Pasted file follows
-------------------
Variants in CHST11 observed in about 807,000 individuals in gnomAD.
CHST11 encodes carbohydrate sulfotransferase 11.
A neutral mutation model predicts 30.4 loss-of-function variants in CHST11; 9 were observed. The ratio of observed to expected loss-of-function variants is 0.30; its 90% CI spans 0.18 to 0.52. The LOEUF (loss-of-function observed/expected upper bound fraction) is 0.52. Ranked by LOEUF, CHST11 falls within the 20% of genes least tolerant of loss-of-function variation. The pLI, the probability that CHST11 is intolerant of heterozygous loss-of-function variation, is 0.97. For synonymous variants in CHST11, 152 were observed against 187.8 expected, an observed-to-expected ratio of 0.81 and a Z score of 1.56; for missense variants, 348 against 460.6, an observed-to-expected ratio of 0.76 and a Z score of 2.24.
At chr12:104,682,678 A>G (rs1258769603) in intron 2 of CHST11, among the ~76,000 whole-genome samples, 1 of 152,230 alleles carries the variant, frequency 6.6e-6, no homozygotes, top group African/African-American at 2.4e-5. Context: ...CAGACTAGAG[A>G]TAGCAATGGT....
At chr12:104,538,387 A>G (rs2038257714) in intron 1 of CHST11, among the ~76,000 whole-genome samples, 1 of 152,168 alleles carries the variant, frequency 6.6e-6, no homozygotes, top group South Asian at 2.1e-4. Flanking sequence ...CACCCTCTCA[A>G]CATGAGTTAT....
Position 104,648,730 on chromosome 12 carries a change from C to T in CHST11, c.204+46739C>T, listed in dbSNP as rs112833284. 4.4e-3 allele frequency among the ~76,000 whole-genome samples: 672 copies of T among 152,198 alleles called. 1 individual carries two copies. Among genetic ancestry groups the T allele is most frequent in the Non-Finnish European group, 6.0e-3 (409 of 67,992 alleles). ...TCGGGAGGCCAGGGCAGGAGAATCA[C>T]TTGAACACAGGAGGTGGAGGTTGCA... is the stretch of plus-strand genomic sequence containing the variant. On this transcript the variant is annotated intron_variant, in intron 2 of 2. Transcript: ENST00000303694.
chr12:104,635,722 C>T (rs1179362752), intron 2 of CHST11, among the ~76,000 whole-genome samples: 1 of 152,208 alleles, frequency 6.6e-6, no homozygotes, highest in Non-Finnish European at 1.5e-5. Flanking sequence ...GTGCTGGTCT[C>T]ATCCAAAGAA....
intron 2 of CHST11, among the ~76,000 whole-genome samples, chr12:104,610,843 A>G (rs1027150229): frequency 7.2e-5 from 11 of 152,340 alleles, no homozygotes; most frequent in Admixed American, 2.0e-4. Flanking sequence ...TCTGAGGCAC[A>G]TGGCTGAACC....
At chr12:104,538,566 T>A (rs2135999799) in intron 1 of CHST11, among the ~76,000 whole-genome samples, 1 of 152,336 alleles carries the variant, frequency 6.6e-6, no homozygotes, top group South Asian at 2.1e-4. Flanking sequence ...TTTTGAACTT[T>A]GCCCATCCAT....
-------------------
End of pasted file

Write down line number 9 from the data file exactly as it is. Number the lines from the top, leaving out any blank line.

At chr12:104,538,566 T>A (rs2135999799) in intron 1 of CHST11, among the ~76,000 whole-genome samples, 1 of 152,336 alleles carries the variant, frequency 6.6e-6, no homozygotes, top group South Asian at 2.1e-4. Flanking sequence ...TTTTGAACTT[T>A]GCCCATCCAT....